Let's move up the stack and open up the .Web project:

We can see that Draupner has created controllers for the enities it created. These each allow for simple CRUD operations.

Draupner has also created simple, but nice Ajaxy CRUD views for the entities. Neither of these are really expected to be used in production, but act as placeholders until "the real thing" is implemented.

Draupner has also created a few view models, which are used in the CRUD GUIs and has set up Automapper configurations to map between the view models and the enitites in .Core.

Worth mentioning is also that the .Web project uses Elmah for error logging in the web layer.

As mentioned Draupner creates tests for all this as well. They end up the .Test project:

The tests are xUnit tests and use AutoFixture and Rhino.Mocks.

So What Now?
If this caught you're interest go clone the Draunper sample project on Github and take a harder look at how things are set up or take Draupner for a spin, following the instructions in the readme. If you like it, but find something missing or not working let us know. We're not making any promises with regards to support and bug fixes though, so an even better idea is to send a pull request. Those we do welcome.


  1. Nice article.., I really want to learn Asp.NET. Could you please guide me if is good to start for the basics of .NET. Will appreciate your prompt reply!

  2. @Abhay: Try there is tons of content there. Including some good getting started guides.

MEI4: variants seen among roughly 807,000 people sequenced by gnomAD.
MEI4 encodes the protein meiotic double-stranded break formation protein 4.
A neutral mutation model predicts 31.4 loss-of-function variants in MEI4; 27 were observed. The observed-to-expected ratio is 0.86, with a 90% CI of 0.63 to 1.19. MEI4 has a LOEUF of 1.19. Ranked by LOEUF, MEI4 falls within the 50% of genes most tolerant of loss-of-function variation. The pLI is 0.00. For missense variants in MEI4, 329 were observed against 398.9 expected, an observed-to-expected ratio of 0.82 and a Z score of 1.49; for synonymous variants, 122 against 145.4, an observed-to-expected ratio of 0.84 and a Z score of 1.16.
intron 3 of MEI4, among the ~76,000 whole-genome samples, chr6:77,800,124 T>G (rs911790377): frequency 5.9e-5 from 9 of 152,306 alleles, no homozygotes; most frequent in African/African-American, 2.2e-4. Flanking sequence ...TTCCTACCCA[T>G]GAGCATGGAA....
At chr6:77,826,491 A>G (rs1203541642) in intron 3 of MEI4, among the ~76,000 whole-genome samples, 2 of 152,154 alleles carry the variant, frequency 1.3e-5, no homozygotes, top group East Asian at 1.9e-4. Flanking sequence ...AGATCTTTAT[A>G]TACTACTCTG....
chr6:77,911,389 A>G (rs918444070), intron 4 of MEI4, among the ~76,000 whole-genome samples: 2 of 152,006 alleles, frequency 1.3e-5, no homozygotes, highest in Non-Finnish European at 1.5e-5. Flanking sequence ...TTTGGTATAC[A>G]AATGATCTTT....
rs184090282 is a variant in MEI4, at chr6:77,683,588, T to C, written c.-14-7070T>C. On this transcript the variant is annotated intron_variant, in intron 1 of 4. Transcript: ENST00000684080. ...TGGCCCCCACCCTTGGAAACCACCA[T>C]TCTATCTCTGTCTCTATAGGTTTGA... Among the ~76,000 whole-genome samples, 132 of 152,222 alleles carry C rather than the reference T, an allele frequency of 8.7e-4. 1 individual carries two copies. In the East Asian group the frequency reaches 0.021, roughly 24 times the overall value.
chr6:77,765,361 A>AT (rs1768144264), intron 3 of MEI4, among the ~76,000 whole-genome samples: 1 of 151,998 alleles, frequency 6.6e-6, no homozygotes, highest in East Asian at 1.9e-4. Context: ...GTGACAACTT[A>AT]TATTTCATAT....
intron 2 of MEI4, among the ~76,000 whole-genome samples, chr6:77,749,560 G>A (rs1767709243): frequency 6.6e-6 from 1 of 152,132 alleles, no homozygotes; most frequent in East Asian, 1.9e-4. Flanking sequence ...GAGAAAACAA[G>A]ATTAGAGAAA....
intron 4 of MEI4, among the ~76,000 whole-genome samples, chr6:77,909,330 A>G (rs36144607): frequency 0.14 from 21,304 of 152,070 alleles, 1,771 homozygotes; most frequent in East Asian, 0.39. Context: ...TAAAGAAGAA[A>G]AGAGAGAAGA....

3. Very cool scaffolder, I made something similar (but only half as good) to speed up my university project.
    A couple of questions if you don't mind:
    1) How is concurrency control and authentication and authorization handled?
    2) I noticed there are no references to company libraries etc. Do you add those afterwards, or is every project self-standing?
    3)You don't use ajax to create a popup dialog for adding and editing records and instead send the user to the actual page, yet you use ajax for deletes?

    1. @Lee: Thanks!
      To answer your questions:

      1) I'm not sure what you mean by concurrency control in this context...but every http request gets it's own UnitOfWork, which in turn means it has it's own NHibernate session. Apart from state in the DB the generated application is practically stateless. Hope this is what you were asking about.
      1) There is a Draupner command for scaffolding out authentication/authorization. It generates a basic forms-based authentication implementation, including GUIs for CRUD'ing user, controllers, DB schema, NH mappings and so on. Once that is in place authorization can be done using the usual ASP.NET MVC authorization attributes.

      2) Yes any other dependencies are added after project creation. Notice that adding such dependencies does not mess up Draupner. You can still happily go on scaffolding new enities and CRUD functions for them. Doing so will not mess with your extra dependencies.

      3)True :-) No special reason for that. Either way the CRUD views are only meant to be temporary. Something to set up early in development but to replace later with an implementation that suits end user needs and mental models.

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    3. Thanks for the answers. I meant concurrency where you open a record, I open the same one, we both edit and save, and then what happens -seems like last in wins:) Next month after my project is due I am going to fork/clone Draupner(whatever it is called in GitHub) because I want to use EF and Ninject instead, should be an easy task to do.

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  5. Hey! Have you ever noticed, have your writting skills upgraded so far?